Theda Bara was a Hollywood sex symbol in the silent film era.
She was known for her poor outfits, her role in Femme Fatale, and myths about her exotic life created by the studio’s promotional office. Between 1915 and 1919 she was Fox Studios’ biggest star. In total, she has made 40 films in her career of just 12 years.
As the movie studio advertised, Roses were not descendants of Arab Sheikh and French women. She was actually born in Ohio in 1885. Her father is a Jewish tailor and her mother was born in Switzerland. Rose’s real name is Theodosia Bar Goodman, and her parents named her after the daughter of Vice President Aaron Burr.
From the age of 29 in 1914, Rose made films on the East Coast, and film production moved to the west. She came to Hollywood in 1917 to make two films. The first was her most famous movie, “Cleopatra”. The following year, Rose played the Bible character Salome in a movie of the same name. Part of the film was shot in the Coachella Valley as reported by the Riverside Daily Press.
On March 28, 1918, the Daily Press stated that Rose and the “Salome” production company were filming the scene in Palm Canyon. Those scenes included many people and camels from the area. Unfortunately, camels, which were supposed to carry roses as salome, were difficult and opposed tightening the elaborate seat straps on their backs to keep the roses safe.
“Miss Rose wears an elaborate’costume’from the’Salome’ wardrobe, rich, gorgeous and scarce,” the newspaper said. But most importantly for county boosters, the newspaper said the rose “helped make Palm Springs and its wonderful Palm Canyon more widely known.”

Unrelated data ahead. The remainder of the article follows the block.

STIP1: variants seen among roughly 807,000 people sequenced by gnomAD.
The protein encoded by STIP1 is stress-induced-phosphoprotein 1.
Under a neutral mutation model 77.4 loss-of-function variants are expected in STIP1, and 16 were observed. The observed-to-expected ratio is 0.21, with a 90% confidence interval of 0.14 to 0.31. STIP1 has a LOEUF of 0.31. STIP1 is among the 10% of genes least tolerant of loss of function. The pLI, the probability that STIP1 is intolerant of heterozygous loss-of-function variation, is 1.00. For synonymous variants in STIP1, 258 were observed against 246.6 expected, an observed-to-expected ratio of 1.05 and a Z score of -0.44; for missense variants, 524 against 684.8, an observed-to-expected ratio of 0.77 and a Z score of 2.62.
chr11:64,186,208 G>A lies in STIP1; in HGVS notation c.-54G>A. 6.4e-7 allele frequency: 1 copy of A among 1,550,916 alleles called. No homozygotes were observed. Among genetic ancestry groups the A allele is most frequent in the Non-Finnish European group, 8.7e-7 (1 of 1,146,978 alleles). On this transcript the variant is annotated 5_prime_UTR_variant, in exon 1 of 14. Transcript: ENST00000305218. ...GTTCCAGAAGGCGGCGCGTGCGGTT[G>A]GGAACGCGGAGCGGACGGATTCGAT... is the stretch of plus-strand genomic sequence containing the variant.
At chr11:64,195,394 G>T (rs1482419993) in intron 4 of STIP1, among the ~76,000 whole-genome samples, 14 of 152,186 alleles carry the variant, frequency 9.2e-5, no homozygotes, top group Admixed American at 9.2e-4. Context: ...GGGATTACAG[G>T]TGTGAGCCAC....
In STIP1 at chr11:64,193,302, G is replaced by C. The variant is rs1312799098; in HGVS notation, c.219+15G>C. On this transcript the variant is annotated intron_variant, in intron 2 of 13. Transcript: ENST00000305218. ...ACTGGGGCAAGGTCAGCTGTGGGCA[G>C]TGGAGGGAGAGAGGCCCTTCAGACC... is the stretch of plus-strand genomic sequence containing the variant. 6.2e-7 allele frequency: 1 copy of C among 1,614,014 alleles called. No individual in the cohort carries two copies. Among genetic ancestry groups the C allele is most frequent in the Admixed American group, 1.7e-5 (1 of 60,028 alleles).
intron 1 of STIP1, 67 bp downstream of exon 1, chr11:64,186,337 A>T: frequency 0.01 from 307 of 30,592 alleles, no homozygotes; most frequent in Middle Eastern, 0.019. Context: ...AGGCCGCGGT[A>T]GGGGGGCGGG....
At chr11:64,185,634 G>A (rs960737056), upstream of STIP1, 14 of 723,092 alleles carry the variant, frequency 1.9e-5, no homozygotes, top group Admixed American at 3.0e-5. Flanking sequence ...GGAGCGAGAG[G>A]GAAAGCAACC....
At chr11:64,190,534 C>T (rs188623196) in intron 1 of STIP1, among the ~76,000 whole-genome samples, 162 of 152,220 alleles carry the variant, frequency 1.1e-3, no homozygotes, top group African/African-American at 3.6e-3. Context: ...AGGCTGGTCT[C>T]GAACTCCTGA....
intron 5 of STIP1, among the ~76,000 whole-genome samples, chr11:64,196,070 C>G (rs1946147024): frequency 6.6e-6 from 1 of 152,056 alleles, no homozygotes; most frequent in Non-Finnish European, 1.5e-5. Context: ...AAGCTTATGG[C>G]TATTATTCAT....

Unfortunately for Rose, she was typecasted as an exotic seducer and couldn’t get out of those roles. She did not renew her five-year contract with Fox in 1919, hoping to have more diverse parts. But without the help of the studio, she found it difficult to get the role of a movie.
Rose married film director Charles Bravin in 1921, made two more films, and retired as an actor in 1926. She then appeared on several radio shows and announced her comeback in the 1930s, but died in 1955 without realizing it.
There are several still images of “Salome”, but you can’t see the scene shot in the Coachella Valley in 1918 because the only known copy of the film was lost in the fire in 1937. Use our imagination to think about what the scene would look like in Palm Canyon. Camels and extras, glittering “poor” costumed roses, spinning cameras, and the director shout for orders.
Contact Steve Lech and Kim Jarrell Johnson for ideas for future Back in the Day columns about local historical figures, places, and events. firstname.lastname@example.org..
Silent-screen siren filmed movie in Riverside County’s desert in 1918 – Press Enterprise Source link Silent-screen siren filmed movie in Riverside County’s desert in 1918 – Press Enterprise
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